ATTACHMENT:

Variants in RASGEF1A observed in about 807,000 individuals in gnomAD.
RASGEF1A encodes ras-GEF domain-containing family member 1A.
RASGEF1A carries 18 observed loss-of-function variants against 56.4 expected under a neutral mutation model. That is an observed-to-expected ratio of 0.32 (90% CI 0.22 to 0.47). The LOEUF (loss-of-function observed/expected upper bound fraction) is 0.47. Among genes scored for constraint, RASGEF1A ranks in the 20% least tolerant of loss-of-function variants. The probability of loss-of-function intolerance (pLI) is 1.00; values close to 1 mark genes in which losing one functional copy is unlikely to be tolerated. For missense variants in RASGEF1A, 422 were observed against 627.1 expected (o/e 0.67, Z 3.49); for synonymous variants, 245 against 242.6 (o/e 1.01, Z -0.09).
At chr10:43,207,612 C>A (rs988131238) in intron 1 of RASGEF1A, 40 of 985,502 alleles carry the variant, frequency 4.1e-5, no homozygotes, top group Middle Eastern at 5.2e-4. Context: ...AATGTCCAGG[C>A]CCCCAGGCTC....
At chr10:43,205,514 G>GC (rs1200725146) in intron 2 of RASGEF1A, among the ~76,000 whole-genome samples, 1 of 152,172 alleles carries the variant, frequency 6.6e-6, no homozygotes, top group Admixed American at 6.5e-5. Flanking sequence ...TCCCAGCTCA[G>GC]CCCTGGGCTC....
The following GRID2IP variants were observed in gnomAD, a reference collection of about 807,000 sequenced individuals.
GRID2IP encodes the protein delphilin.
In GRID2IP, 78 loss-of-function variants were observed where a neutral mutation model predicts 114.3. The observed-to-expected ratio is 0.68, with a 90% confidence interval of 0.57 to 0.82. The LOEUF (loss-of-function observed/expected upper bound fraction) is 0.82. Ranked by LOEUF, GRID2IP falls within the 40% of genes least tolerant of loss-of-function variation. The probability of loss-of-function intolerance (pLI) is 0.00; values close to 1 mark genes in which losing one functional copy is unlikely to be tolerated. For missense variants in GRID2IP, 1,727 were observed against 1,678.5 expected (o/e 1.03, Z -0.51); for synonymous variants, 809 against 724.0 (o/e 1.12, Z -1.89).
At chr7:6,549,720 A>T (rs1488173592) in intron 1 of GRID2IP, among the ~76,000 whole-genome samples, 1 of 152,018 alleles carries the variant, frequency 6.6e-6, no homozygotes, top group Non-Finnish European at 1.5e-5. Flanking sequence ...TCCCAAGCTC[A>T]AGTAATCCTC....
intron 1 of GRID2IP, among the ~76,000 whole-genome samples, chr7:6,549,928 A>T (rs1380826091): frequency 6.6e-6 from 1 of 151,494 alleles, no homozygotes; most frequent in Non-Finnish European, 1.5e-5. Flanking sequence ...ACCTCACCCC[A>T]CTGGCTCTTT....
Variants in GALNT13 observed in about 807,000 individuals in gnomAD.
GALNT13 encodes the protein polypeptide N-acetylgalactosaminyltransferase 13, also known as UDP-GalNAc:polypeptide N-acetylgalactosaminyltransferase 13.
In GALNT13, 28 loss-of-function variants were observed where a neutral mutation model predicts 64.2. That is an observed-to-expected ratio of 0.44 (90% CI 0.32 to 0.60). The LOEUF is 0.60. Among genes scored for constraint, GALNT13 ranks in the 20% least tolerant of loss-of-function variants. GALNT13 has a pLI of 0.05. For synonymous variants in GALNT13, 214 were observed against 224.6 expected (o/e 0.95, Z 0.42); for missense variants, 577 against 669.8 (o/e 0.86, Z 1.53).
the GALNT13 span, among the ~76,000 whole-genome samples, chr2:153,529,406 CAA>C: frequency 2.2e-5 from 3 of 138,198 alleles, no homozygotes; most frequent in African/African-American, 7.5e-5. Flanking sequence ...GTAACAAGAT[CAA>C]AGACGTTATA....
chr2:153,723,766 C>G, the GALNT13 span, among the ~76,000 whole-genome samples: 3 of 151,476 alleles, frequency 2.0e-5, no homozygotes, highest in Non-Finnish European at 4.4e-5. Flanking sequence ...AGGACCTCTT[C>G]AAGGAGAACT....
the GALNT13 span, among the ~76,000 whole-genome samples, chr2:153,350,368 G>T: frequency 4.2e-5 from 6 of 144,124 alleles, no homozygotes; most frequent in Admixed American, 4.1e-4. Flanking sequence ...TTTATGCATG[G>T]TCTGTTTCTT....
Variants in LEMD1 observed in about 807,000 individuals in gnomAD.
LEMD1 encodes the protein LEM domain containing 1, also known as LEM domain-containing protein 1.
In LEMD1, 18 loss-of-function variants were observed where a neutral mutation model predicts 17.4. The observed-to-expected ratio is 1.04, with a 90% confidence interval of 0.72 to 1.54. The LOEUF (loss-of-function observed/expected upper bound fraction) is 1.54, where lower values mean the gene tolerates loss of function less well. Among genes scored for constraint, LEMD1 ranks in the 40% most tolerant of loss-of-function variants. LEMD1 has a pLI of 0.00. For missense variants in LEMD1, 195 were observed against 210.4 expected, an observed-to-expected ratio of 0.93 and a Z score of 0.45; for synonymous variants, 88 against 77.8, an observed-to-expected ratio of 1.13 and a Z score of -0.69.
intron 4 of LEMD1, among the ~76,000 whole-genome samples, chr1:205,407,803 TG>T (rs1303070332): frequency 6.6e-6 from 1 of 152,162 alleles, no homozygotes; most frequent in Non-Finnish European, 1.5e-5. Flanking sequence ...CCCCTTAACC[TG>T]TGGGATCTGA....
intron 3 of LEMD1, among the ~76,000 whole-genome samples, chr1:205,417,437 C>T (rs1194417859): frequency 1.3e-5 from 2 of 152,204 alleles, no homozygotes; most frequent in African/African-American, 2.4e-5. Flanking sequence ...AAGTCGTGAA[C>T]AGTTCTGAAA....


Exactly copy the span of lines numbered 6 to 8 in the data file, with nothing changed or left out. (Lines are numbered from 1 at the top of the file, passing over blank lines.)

The following GRID2IP variants were observed in gnomAD, a reference collection of about 807,000 sequenced individuals.
GRID2IP encodes the protein delphilin.
In GRID2IP, 78 loss-of-function variants were observed where a neutral mutation model predicts 114.3. The observed-to-expected ratio is 0.68, with a 90% confidence interval of 0.57 to 0.82. The LOEUF (loss-of-function observed/expected upper bound fraction) is 0.82. Ranked by LOEUF, GRID2IP falls within the 40% of genes least tolerant of loss-of-function variation. The probability of loss-of-function intolerance (pLI) is 0.00; values close to 1 mark genes in which losing one functional copy is unlikely to be tolerated. For missense variants in GRID2IP, 1,727 were observed against 1,678.5 expected (o/e 1.03, Z -0.51); for synonymous variants, 809 against 724.0 (o/e 1.12, Z -1.89).